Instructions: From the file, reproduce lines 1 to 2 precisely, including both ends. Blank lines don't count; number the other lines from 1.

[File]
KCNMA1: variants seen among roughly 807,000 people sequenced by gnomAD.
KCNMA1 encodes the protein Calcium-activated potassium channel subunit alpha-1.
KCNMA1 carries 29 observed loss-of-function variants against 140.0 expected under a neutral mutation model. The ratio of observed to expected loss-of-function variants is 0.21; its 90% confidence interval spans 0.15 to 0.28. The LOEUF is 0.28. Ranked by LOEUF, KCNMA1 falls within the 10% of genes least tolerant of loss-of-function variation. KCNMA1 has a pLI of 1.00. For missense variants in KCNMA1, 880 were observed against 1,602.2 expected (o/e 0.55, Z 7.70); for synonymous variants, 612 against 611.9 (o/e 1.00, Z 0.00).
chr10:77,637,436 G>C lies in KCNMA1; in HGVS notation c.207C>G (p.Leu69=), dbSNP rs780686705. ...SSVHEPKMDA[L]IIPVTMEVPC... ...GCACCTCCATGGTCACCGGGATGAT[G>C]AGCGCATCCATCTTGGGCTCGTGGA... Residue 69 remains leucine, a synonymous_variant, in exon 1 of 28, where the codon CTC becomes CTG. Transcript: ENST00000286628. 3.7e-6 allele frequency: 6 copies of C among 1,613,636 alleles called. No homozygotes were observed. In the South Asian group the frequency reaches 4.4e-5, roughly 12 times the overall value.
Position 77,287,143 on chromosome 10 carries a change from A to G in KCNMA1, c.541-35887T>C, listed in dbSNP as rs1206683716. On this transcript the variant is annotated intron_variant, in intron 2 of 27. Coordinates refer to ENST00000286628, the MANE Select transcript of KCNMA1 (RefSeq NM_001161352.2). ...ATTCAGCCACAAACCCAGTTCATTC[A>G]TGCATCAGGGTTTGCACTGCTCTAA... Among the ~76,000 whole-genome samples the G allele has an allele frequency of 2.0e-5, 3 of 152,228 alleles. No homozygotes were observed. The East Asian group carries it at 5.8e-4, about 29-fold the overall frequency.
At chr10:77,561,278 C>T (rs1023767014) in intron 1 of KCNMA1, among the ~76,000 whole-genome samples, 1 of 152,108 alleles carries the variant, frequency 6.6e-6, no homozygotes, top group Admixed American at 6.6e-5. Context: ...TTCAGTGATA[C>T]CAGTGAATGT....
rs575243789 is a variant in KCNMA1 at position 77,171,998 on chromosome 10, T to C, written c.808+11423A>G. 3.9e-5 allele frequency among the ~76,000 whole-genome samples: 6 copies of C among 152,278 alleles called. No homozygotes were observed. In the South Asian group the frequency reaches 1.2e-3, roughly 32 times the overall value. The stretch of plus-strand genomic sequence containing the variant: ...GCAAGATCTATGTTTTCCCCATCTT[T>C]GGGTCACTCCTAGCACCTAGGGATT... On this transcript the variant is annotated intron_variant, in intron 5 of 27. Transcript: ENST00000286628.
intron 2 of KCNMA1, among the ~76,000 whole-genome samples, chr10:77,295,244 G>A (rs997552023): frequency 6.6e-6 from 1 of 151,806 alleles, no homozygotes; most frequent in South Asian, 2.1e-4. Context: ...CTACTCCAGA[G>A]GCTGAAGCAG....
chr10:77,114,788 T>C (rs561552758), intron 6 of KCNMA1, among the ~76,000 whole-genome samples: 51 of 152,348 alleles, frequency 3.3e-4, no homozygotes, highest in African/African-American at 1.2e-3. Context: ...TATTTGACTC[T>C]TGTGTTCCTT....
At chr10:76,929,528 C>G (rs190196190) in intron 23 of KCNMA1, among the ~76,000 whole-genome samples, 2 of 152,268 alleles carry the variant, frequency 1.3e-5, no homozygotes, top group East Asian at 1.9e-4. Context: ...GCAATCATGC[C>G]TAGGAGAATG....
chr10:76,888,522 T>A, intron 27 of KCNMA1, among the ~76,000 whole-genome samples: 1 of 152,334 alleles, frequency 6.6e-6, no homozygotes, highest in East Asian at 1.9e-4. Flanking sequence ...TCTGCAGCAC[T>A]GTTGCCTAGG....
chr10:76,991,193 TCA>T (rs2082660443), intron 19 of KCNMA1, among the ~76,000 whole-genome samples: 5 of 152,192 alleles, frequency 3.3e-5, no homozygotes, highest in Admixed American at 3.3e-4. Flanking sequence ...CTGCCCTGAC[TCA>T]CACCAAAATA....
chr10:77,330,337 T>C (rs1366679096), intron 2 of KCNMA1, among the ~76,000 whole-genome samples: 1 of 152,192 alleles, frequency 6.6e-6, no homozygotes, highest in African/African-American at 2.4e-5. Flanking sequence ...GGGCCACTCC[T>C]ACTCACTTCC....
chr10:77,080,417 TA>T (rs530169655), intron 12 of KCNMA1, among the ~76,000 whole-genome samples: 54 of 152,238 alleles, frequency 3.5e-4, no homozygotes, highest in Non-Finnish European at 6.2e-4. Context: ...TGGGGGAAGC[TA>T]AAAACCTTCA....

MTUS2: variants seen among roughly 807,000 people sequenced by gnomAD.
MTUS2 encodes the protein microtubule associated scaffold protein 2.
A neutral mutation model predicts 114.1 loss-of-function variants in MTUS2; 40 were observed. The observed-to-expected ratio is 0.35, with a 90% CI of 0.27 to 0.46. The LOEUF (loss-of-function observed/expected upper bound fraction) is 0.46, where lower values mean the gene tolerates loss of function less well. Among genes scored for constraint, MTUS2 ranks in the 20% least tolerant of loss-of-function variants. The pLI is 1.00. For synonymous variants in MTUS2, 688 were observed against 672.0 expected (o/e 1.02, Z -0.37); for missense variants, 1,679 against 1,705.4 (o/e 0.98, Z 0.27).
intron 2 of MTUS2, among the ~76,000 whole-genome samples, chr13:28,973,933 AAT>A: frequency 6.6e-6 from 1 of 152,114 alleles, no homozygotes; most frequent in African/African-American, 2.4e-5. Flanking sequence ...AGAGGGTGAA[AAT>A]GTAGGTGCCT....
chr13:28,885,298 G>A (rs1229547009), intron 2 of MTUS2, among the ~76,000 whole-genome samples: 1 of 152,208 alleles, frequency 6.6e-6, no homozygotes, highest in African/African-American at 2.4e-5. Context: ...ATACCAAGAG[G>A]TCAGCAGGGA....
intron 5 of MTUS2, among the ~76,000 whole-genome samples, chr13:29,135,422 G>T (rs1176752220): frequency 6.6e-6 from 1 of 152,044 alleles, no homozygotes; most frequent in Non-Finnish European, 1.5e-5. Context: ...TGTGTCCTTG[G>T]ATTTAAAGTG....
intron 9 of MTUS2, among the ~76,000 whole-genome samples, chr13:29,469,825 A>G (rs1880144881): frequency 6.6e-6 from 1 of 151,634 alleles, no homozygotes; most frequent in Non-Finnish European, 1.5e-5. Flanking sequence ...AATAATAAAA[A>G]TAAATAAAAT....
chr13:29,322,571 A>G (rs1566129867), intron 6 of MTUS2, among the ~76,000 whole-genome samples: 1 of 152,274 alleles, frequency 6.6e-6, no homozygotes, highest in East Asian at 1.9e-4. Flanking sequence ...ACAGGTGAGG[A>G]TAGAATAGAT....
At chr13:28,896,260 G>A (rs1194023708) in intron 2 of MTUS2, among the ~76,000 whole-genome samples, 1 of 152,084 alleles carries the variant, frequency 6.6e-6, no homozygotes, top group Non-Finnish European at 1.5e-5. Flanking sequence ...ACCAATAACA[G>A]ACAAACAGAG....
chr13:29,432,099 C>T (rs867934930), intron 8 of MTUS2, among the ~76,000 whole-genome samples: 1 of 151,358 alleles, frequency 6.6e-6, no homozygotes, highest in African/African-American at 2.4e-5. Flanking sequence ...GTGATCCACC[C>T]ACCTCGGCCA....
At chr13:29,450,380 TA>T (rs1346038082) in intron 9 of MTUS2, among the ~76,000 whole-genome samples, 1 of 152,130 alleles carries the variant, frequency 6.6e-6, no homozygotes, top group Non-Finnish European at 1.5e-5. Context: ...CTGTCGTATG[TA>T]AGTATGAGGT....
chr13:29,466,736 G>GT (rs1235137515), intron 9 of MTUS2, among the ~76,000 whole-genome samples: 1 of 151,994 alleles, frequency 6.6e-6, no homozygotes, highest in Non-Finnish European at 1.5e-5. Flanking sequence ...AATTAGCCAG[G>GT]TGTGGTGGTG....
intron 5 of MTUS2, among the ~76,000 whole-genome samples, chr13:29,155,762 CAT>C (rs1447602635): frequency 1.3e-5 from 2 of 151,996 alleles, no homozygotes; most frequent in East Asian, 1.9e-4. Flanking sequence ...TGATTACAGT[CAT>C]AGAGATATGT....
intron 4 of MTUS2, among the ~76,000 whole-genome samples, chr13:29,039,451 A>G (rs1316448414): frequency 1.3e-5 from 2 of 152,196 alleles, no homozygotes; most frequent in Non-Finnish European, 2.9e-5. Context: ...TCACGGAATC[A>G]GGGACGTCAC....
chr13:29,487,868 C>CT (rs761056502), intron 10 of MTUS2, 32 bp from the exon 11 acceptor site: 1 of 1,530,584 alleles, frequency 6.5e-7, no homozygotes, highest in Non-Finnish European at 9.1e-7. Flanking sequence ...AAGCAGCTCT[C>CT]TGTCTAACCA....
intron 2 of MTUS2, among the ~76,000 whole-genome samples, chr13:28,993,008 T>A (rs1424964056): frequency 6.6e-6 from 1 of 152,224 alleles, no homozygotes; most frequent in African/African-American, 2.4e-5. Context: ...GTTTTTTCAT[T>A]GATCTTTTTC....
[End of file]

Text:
KCNMA1: variants seen among roughly 807,000 people sequenced by gnomAD.
KCNMA1 encodes the protein Calcium-activated potassium channel subunit alpha-1.